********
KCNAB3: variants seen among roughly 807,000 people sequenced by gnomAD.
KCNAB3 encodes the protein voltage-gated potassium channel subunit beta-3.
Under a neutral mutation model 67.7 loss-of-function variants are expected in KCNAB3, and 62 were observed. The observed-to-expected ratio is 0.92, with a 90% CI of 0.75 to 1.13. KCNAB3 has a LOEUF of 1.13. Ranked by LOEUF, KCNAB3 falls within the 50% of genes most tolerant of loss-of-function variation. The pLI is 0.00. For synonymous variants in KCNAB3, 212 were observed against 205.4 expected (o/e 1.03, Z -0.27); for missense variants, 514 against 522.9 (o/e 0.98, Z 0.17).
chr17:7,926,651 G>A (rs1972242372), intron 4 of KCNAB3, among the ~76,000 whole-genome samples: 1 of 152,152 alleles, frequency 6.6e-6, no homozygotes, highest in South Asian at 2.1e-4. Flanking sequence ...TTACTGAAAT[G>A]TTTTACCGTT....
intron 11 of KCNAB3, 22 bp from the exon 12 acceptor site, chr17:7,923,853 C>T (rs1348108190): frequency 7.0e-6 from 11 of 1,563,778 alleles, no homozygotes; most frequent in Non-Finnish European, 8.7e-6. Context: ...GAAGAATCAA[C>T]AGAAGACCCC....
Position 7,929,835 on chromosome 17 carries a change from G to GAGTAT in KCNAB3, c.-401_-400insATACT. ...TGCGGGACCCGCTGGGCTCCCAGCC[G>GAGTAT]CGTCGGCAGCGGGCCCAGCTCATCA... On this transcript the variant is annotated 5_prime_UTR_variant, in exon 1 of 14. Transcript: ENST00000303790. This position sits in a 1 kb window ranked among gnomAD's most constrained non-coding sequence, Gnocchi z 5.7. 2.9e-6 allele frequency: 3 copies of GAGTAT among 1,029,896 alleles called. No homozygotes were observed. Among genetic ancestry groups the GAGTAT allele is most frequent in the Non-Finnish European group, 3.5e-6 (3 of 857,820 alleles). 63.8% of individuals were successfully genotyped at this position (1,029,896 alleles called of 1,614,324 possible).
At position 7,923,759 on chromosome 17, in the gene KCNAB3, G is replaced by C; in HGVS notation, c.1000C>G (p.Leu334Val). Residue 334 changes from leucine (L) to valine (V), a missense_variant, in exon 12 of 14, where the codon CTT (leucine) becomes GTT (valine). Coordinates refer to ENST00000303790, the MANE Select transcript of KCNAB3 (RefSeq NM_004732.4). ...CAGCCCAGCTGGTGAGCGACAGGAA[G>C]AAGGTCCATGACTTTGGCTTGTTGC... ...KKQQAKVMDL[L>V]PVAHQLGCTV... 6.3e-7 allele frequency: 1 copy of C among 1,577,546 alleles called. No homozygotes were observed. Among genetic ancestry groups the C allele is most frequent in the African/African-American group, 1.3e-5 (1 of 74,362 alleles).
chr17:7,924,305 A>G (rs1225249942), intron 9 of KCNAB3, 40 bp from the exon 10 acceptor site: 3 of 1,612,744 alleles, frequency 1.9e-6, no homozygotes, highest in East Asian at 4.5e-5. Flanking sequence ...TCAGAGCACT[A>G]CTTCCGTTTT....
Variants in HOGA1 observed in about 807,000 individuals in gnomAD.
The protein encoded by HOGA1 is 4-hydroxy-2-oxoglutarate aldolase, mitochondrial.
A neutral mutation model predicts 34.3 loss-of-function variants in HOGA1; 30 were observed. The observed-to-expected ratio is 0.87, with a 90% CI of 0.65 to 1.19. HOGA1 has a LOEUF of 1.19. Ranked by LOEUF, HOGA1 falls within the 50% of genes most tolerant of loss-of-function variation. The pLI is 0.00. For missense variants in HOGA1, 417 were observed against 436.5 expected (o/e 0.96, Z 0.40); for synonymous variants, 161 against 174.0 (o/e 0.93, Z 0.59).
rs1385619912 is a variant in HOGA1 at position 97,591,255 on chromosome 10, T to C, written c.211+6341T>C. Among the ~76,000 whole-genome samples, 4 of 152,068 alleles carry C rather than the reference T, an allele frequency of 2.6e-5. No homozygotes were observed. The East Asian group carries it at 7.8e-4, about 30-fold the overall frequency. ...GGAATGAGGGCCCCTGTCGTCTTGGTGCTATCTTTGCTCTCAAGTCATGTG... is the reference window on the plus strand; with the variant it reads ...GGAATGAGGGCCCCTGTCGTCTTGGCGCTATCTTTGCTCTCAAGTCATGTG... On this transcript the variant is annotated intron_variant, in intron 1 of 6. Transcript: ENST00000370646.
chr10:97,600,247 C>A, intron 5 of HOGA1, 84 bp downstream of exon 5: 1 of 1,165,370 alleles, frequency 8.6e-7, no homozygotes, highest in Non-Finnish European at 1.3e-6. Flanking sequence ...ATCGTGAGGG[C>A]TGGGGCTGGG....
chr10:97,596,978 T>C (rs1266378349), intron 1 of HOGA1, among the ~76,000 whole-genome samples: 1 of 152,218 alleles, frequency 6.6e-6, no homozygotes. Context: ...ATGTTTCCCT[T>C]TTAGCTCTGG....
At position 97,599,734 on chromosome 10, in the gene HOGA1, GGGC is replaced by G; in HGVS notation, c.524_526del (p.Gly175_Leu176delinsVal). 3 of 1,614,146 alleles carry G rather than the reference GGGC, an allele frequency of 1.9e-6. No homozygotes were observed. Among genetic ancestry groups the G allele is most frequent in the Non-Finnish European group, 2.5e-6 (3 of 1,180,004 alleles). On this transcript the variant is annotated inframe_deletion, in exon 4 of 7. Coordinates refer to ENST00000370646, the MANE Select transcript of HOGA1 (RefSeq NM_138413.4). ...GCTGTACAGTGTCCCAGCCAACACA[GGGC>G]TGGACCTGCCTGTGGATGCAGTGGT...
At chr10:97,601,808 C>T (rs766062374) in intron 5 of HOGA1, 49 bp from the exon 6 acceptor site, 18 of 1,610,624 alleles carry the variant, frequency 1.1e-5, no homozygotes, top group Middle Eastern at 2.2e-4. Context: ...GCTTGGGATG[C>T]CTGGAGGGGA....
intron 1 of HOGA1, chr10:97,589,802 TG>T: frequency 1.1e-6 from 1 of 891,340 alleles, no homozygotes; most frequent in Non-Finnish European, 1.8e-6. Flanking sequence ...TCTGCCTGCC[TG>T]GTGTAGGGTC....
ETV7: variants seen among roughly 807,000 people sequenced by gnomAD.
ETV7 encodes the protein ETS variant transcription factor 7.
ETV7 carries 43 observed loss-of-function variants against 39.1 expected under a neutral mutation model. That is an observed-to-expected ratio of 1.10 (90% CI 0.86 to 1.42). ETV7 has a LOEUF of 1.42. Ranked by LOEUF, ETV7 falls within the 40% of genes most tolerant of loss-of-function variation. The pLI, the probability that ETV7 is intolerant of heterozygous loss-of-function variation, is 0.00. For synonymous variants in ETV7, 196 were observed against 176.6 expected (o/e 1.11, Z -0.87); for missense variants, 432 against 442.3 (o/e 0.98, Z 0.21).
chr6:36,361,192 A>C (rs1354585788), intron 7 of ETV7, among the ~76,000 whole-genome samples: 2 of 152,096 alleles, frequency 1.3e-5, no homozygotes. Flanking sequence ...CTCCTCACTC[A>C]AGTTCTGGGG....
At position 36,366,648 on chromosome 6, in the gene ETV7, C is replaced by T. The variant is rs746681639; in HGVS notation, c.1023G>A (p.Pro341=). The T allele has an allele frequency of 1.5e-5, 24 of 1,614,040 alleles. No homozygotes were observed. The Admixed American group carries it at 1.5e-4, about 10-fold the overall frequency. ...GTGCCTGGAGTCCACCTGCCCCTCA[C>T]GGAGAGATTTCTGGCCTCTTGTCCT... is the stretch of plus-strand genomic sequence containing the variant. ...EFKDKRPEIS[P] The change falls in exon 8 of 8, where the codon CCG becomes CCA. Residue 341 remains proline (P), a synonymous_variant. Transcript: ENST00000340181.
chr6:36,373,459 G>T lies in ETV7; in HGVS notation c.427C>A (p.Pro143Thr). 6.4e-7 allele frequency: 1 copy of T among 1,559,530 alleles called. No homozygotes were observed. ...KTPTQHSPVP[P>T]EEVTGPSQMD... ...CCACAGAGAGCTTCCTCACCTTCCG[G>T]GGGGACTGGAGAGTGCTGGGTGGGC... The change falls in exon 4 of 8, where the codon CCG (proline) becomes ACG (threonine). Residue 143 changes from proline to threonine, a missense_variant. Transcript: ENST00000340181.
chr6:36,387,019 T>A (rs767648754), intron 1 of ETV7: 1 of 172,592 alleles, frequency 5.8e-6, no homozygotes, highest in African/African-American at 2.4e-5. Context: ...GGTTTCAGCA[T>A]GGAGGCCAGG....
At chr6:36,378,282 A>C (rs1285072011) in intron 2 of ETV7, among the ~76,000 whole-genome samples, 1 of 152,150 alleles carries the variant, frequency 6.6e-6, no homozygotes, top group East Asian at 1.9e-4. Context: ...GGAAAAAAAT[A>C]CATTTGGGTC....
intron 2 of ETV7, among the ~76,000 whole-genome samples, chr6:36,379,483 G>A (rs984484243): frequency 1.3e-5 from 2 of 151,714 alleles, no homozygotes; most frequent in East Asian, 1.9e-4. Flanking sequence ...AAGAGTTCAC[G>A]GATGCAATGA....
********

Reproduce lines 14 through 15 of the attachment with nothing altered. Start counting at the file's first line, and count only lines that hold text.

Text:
chr10:97,596,978 T>C (rs1266378349), intron 1 of HOGA1, among the ~76,000 whole-genome samples: 1 of 152,218 alleles, frequency 6.6e-6, no homozygotes. Context: ...ATGTTTCCCT[T>C]TTAGCTCTGG....
At position 97,599,734 on chromosome 10, in the gene HOGA1, GGGC is replaced by G; in HGVS notation, c.524_526del (p.Gly175_Leu176delinsVal). 3 of 1,614,146 alleles carry G rather than the reference GGGC, an allele frequency of 1.9e-6. No homozygotes were observed. Among genetic ancestry groups the G allele is most frequent in the Non-Finnish European group, 2.5e-6 (3 of 1,180,004 alleles). On this transcript the variant is annotated inframe_deletion, in exon 4 of 7. Coordinates refer to ENST00000370646, the MANE Select transcript of HOGA1 (RefSeq NM_138413.4). ...GCTGTACAGTGTCCCAGCCAACACA[GGGC>G]TGGACCTGCCTGTGGATGCAGTGGT...